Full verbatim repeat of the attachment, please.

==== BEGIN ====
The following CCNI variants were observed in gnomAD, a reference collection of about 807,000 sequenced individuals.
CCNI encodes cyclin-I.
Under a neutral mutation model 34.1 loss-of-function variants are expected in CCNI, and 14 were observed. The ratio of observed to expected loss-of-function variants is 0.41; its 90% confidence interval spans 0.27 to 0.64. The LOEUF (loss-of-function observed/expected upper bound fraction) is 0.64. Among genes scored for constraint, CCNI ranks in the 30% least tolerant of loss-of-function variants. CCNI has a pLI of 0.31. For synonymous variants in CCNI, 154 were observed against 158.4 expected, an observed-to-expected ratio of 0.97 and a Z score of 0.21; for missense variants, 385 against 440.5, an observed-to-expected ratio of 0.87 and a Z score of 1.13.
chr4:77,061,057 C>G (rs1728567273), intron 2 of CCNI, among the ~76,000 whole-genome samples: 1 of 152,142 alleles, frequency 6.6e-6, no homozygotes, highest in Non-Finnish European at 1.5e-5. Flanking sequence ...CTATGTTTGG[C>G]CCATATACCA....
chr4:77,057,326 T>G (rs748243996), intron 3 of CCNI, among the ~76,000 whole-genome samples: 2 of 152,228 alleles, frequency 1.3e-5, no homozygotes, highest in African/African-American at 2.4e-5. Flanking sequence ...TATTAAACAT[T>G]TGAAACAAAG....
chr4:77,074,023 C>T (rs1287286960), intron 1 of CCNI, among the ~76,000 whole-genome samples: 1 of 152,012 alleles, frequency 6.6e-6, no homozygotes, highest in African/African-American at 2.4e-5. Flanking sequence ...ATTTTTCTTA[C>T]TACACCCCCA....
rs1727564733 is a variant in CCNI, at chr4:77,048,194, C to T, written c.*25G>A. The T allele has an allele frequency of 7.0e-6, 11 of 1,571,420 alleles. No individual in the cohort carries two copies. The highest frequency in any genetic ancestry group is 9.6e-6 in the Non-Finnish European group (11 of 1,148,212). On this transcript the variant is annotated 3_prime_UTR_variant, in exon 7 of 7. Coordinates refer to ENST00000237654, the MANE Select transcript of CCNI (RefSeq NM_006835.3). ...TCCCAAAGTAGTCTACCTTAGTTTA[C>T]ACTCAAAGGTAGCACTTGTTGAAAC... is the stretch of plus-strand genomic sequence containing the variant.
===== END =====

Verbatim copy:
The following CCNI variants were observed in gnomAD, a reference collection of about 807,000 sequenced individuals.
CCNI encodes cyclin-I.
Under a neutral mutation model 34.1 loss-of-function variants are expected in CCNI, and 14 were observed. The ratio of observed to expected loss-of-function variants is 0.41; its 90% confidence interval spans 0.27 to 0.64. The LOEUF (loss-of-function observed/expected upper bound fraction) is 0.64. Among genes scored for constraint, CCNI ranks in the 30% least tolerant of loss-of-function variants. CCNI has a pLI of 0.31. For synonymous variants in CCNI, 154 were observed against 158.4 expected, an observed-to-expected ratio of 0.97 and a Z score of 0.21; for missense variants, 385 against 440.5, an observed-to-expected ratio of 0.87 and a Z score of 1.13.
chr4:77,061,057 C>G (rs1728567273), intron 2 of CCNI, among the ~76,000 whole-genome samples: 1 of 152,142 alleles, frequency 6.6e-6, no homozygotes, highest in Non-Finnish European at 1.5e-5. Flanking sequence ...CTATGTTTGG[C>G]CCATATACCA....
chr4:77,057,326 T>G (rs748243996), intron 3 of CCNI, among the ~76,000 whole-genome samples: 2 of 152,228 alleles, frequency 1.3e-5, no homozygotes, highest in African/African-American at 2.4e-5. Flanking sequence ...TATTAAACAT[T>G]TGAAACAAAG....
chr4:77,074,023 C>T (rs1287286960), intron 1 of CCNI, among the ~76,000 whole-genome samples: 1 of 152,012 alleles, frequency 6.6e-6, no homozygotes, highest in African/African-American at 2.4e-5. Flanking sequence ...ATTTTTCTTA[C>T]TACACCCCCA....
rs1727564733 is a variant in CCNI, at chr4:77,048,194, C to T, written c.*25G>A. The T allele has an allele frequency of 7.0e-6, 11 of 1,571,420 alleles. No individual in the cohort carries two copies. The highest frequency in any genetic ancestry group is 9.6e-6 in the Non-Finnish European group (11 of 1,148,212). On this transcript the variant is annotated 3_prime_UTR_variant, in exon 7 of 7. Coordinates refer to ENST00000237654, the MANE Select transcript of CCNI (RefSeq NM_006835.3). ...TCCCAAAGTAGTCTACCTTAGTTTA[C>T]ACTCAAAGGTAGCACTTGTTGAAAC... is the stretch of plus-strand genomic sequence containing the variant.